Let’s take an example of how this translates into your work area.
Remote working during the pandemic
Meet Maria. Maria is a 33 years old professional who has been working remotely from home ever since COVID-2019 broke out. She lives with her husband and her two young children. Maria grew up in a conservative italian family in the south of Italy. Family core values such as community, social responsibility and making sure the family always comes first was all she ever knew growing up. At the same time, she had big dreams and always wanted to become a chemical engineer. A brilliant mind she had indeed!
She left her familiar environment and went on to study abroad where she met her husband, Tony, a fellow engineer. They fell in love during their university years and have been together ever since. Their work requires a lot of focus and in-depth analysis of complex subjects. Working from home during the pandemic, trying to balance between both their schedules and caring for their children felt challenging to say the least. Maria, always compromised. She took up for herself the bigger part of the household, taking care of the children and tried to finish her work at night. Tony offered many times to help and pitch in, but Maria always had it together and never allowed him to pitch in. Somehow, that felt very uncomfortable. She never learnt how to express her emotions and needs as it was seen as taboo.
Be strong, be fearless, be passionate about your family are words which still ring in every neuron of her brain.
Soon, she broke down and could not handle all the pressure. Tony never saw this coming and they had to make some serious decisions and change. Finally Maria became aware of her subconscious beliefs she learned as a young child and how those beliefs carried her far into her adult life. Those beliefs who drained her mental and emotional energy as every thought that was activated, was linked to emotional memories of the past.
She learned to overcome those emotions from the past through emotional intelligence dissociation techniques and applying new filters of the past. She no longer was that young child, but a grown up woman who could practice new thought processes, new beliefs about herself and how she wanted to show up in her life. Working from home during a pandemic is difficult for a lot of people and asking for help from her husband, from her family and from her colleagues did not make her weak. That’s what she was telling herself because she felt she always had to show up as the strong woman in the house, at work and in all areas of her life.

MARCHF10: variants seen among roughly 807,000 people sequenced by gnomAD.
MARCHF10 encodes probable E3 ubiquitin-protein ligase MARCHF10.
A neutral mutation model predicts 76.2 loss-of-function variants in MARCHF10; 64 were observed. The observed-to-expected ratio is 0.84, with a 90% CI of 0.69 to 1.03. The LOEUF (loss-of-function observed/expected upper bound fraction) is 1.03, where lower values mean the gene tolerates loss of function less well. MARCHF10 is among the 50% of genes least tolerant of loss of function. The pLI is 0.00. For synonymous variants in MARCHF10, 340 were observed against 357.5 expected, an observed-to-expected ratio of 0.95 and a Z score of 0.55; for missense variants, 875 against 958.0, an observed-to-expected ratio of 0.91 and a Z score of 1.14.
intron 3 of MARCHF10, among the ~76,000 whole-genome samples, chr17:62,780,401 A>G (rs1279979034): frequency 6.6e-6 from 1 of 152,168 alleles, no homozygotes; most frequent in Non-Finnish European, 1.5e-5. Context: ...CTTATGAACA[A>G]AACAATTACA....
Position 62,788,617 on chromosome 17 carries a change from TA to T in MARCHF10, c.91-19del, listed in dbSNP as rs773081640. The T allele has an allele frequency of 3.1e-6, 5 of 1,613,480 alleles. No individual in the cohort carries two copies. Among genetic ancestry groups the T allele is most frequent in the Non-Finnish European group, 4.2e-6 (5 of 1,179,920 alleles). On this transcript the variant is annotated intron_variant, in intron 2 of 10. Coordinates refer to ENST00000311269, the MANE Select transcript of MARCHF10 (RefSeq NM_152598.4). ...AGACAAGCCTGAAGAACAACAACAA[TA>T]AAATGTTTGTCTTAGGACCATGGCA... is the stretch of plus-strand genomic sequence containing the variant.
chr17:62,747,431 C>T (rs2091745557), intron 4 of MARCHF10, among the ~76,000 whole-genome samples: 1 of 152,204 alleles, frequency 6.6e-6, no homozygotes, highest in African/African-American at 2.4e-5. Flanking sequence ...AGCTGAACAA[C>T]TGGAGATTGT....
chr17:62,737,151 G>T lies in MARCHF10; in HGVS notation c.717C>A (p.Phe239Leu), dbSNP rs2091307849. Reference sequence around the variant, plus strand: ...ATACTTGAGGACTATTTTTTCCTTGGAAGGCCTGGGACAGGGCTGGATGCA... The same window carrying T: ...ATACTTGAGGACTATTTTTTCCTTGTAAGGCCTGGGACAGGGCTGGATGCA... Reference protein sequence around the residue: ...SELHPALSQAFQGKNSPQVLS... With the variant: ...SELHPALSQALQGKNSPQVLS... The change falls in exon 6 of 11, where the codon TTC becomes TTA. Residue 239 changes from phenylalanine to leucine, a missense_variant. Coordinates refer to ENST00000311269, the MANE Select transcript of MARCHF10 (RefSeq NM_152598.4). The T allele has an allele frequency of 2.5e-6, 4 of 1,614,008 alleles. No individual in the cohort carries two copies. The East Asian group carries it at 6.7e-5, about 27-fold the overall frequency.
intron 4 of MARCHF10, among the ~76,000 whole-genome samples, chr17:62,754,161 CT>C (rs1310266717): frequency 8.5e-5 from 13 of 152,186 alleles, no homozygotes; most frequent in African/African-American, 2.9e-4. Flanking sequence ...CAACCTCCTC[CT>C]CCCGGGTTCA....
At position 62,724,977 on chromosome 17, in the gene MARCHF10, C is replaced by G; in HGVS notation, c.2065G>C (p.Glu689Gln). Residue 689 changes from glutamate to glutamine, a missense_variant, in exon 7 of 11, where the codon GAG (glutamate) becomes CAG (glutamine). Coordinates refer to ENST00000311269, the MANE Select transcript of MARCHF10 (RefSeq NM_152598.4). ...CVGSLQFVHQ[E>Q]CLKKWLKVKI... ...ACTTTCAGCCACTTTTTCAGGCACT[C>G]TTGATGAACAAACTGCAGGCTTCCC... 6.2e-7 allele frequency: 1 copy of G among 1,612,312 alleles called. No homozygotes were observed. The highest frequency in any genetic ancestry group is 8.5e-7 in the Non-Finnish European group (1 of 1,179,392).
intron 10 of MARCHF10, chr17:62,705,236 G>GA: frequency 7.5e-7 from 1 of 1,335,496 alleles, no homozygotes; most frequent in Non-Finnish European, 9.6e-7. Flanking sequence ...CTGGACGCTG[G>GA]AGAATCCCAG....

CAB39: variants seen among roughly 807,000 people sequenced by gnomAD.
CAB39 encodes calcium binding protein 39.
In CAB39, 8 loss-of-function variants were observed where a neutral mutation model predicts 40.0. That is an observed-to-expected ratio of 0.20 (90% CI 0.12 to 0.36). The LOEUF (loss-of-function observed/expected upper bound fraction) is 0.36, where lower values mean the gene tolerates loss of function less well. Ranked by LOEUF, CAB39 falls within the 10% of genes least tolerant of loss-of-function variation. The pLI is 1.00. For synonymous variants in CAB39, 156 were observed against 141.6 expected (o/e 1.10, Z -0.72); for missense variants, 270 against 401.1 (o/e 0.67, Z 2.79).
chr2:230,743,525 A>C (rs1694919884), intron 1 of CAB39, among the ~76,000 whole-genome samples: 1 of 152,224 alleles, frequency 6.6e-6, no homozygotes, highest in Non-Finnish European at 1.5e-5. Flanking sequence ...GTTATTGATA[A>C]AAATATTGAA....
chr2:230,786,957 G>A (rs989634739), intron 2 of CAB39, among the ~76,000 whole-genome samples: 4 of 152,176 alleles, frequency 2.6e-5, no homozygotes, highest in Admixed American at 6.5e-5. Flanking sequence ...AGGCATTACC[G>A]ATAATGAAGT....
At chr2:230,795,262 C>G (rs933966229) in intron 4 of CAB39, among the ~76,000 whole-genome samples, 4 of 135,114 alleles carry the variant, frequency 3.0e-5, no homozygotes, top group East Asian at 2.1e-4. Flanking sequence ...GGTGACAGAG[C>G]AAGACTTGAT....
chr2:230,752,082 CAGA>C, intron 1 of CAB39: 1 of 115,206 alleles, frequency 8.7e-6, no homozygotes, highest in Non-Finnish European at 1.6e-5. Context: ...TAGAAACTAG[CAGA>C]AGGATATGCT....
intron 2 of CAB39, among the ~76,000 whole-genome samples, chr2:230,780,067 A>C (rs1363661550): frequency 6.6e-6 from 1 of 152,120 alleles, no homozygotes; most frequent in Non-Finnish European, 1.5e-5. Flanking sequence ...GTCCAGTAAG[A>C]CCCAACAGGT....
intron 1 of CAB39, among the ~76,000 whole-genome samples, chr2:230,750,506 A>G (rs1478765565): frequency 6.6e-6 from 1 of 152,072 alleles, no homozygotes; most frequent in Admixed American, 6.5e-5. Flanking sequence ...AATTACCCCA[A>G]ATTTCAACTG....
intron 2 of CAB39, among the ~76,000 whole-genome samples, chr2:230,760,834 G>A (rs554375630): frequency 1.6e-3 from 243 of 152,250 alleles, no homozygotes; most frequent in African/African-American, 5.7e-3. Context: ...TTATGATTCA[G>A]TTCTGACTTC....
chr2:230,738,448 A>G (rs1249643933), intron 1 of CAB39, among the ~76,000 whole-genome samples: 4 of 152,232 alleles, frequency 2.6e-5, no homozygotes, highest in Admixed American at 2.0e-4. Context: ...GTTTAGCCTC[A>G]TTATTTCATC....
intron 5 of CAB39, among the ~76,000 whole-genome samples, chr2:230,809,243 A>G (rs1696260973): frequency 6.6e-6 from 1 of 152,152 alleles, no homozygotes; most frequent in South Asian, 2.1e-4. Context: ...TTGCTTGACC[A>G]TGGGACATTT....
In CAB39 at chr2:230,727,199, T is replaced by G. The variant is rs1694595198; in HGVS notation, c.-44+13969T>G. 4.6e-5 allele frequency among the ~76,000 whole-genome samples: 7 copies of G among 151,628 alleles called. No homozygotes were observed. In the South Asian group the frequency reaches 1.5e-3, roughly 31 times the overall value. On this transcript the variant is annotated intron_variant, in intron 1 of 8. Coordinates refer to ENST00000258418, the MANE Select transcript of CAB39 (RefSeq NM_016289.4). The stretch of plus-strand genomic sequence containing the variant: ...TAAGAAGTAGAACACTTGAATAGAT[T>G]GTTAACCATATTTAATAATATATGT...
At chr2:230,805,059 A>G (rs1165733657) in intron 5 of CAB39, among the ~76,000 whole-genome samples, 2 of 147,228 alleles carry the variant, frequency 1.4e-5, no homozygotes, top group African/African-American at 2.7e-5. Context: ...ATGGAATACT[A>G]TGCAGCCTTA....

Soon Tony and herself came up with a new routine which gave Maria some breathing room. They hired a babysitter who took care of the children and Marie stopped feeling guilty about not spending enough time with her children. She finally understood the difference between just being present in the body and the exchange of energy when she was with them as she learned to be fully present. Guilt served no one, the least her.
Within a few months, Maria and Tony still struggled at several fronts. However, their levels of well-being, productivity and focus have increased significantly at the same time. Once they learned how emotions are triggered subconsciously by beliefs that no longer serve them, they focused on cultivating healthy ways of thinking. They paid attention to their thoughts, they were curious instead of judging themselves and others and they freed themselves from negative energy and chronic stress.
Some may resonate with Maria’s stories, and others may become aware of different thought processes which create unhealthy emotional states at work and beyond. Now you can begin to become aware of your self-image, develop healthy levels of thinking and increase your well-being. It won’t be easy, and requires a commitment to your future self. Your future self who will thank you that you invested in your personal leadership skills and stepped into a healthier version of yourself, in all areas of your life.